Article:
Practice and Procedure

R v Briggs-Price [2009] UKHL 19; [2009] WLR (D) 142

PUBLISHED May 6, 2009

CRIME ? Sentence ? Confiscation order ? Evidence of drug trafficking arising during trial but not subject of indictment ? Judge accepting evidence and making order ? Whether contrary to presumption of innocence and right to fair trial ? Drug Trafficking Act 1994, s 2(8)(a) ? Human Rights Act 1998, Sch 1, Pt I, art 6

HL(E): Lord Phillips of Worth Matravers, Lord Rodger of Earlsferry, Lord Brown of Eaton-under-Heywood, Lord Mance, Lord Neuberger of Abbotsbury: 29 April 2009


A confiscation order could be made under the Drug Trafficking Act 1994 in respect of benefit derived from drug trafficking other than that of which the defendant had been convicted which had been established by evidence during the trial.

The House of Lords so held in dismissing an appeal by the defendant, Robert Briggs-Price, from the order of the Court of Appeal (Criminal Division) (Richards LJ, Royce J and Judge Beaumont QC) [2008] EWCA Crim 146 dismissing his appeal against a confiscation order following his conviction of conspiracy to import heroin.

Although no heroin had in fact been imported, evidence arose at trial that the defendant had run a cannabis distribution network and it was on that basis that the judge made the order. The defendant argued, inter alia, that the taking into account of trafficking which had not been the subject of a charge amounted to the bringing of a new charge against him in violation of the right to be presumed innocent unless proved guilty according to law in art 6(2) of the Convention for the Protection of Human Rights and Fundamental Freedoms and the art 6(1) right to a fair trial.

LORD PHILLIPS said confiscation proceedings did not engage art 6(2), since they fell to be treated as part of the process of sentencing after conviction and did not of themselves involve charging the offender with offences other than those of which he had been convicted. Although the requirements of art 6(2) did not apply, those in art 6(1) were applicable. It followed that where, as here, the prosecution relied on criminal offending to prove the existence of benefit, they had to prove that offending. The defendant was presumed innocent until proved guilty, albeit (in his Lordship?s opinion) by the civil standard of proof as provided by s 2(8)(a) of the 1994 Act. Here the defence had been given particulars of evidence which the prosecution had intended to adduce of the cannabis offences. The defendant challenged those at trial and could have challenged them again in the confiscation proceedings. The judge was sure on the evidence that the relevant offences had been proved. The fair trial requirements of art 6(1) had been satisfied.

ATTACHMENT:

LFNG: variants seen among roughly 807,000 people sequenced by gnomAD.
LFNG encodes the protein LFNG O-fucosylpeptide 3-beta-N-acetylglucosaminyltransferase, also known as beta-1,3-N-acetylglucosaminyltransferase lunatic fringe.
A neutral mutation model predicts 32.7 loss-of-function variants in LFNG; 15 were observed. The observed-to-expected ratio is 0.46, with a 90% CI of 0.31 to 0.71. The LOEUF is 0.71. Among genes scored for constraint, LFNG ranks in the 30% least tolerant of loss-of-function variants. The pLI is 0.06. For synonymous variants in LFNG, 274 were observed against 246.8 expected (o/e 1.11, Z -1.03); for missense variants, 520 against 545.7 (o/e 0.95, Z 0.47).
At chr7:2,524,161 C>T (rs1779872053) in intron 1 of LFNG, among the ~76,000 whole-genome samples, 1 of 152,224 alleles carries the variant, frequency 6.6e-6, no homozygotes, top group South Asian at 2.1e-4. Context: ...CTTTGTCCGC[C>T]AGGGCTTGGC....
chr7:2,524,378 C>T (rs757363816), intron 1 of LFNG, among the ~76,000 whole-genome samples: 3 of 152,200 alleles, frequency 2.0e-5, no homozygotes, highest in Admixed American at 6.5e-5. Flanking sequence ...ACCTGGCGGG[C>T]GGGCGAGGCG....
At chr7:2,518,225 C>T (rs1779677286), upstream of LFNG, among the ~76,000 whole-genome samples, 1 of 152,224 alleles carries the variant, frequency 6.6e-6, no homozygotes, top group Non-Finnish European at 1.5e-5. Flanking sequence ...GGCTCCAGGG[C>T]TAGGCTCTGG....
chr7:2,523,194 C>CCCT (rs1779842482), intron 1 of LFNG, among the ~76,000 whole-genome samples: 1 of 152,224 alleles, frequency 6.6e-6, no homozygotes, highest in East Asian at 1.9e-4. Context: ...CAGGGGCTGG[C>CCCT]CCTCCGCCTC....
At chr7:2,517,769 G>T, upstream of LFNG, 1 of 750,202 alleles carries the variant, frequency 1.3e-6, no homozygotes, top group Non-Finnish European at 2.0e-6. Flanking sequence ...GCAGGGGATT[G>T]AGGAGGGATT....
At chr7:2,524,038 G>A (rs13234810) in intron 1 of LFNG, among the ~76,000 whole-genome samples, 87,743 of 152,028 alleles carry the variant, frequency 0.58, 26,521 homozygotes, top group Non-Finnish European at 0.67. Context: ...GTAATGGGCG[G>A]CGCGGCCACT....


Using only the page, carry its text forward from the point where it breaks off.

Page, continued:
LORD MANCE delivered a concurring opinion.

LORD RODGER, LORD BROWN and LORD NEUBERGER held that s 2(8)(a) had to be read as applying the civil standard of proof only to questions as to whether a person had benefited from drug trafficking, and the criminal standard to any question as to whether a person had committed a specific drug trafficking offence, but agreed in dismissing the appeal as the judge had made his finding to the criminal standard.


Appearances: Tim Owen QC and Timothy Kendal (Henry Milner & Co) for the defendant; Mark Lucraft QC, Thomas Payne and Mark Sutherland Williams (Revenue and Customs Prosecutions Office, Salford) for the Crown.


Reported by: C T Beresford, barrister